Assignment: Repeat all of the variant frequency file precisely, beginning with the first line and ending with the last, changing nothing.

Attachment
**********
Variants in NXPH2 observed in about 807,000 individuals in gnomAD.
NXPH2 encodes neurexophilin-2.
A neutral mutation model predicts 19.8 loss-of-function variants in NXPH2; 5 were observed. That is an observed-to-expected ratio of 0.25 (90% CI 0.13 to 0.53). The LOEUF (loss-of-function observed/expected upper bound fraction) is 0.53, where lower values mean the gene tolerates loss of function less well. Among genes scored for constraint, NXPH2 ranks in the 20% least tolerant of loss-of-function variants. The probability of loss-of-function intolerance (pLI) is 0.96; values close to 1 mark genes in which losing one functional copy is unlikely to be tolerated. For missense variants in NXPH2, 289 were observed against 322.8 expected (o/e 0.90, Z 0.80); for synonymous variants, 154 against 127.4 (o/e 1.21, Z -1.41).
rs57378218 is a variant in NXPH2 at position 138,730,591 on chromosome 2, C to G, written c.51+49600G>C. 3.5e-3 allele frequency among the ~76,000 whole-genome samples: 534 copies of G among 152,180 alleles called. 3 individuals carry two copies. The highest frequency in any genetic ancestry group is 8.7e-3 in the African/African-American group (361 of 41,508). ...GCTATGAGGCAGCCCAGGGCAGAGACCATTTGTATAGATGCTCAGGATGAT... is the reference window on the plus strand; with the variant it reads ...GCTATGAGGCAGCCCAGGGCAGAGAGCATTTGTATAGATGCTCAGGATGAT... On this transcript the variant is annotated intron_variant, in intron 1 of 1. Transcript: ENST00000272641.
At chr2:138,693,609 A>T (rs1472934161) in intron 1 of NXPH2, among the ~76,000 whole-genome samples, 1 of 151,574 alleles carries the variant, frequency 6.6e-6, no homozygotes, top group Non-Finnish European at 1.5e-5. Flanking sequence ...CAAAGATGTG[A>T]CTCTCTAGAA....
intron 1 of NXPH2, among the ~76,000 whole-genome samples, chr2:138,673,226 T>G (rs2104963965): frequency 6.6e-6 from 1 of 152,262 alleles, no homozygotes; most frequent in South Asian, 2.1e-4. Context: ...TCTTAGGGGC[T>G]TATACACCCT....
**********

Variants in NXPH2 observed in about 807,000 individuals in gnomAD.
NXPH2 encodes neurexophilin-2.
A neutral mutation model predicts 19.8 loss-of-function variants in NXPH2; 5 were observed. That is an observed-to-expected ratio of 0.25 (90% CI 0.13 to 0.53). The LOEUF (loss-of-function observed/expected upper bound fraction) is 0.53, where lower values mean the gene tolerates loss of function less well. Among genes scored for constraint, NXPH2 ranks in the 20% least tolerant of loss-of-function variants. The probability of loss-of-function intolerance (pLI) is 0.96; values close to 1 mark genes in which losing one functional copy is unlikely to be tolerated. For missense variants in NXPH2, 289 were observed against 322.8 expected (o/e 0.90, Z 0.80); for synonymous variants, 154 against 127.4 (o/e 1.21, Z -1.41).
rs57378218 is a variant in NXPH2 at position 138,730,591 on chromosome 2, C to G, written c.51+49600G>C. 3.5e-3 allele frequency among the ~76,000 whole-genome samples: 534 copies of G among 152,180 alleles called. 3 individuals carry two copies. The highest frequency in any genetic ancestry group is 8.7e-3 in the African/African-American group (361 of 41,508). ...GCTATGAGGCAGCCCAGGGCAGAGACCATTTGTATAGATGCTCAGGATGAT... is the reference window on the plus strand; with the variant it reads ...GCTATGAGGCAGCCCAGGGCAGAGAGCATTTGTATAGATGCTCAGGATGAT... On this transcript the variant is annotated intron_variant, in intron 1 of 1. Transcript: ENST00000272641.
At chr2:138,693,609 A>T (rs1472934161) in intron 1 of NXPH2, among the ~76,000 whole-genome samples, 1 of 151,574 alleles carries the variant, frequency 6.6e-6, no homozygotes, top group Non-Finnish European at 1.5e-5. Flanking sequence ...CAAAGATGTG[A>T]CTCTCTAGAA....
intron 1 of NXPH2, among the ~76,000 whole-genome samples, chr2:138,673,226 T>G (rs2104963965): frequency 6.6e-6 from 1 of 152,262 alleles, no homozygotes; most frequent in South Asian, 2.1e-4. Context: ...TCTTAGGGGC[T>G]TATACACCCT....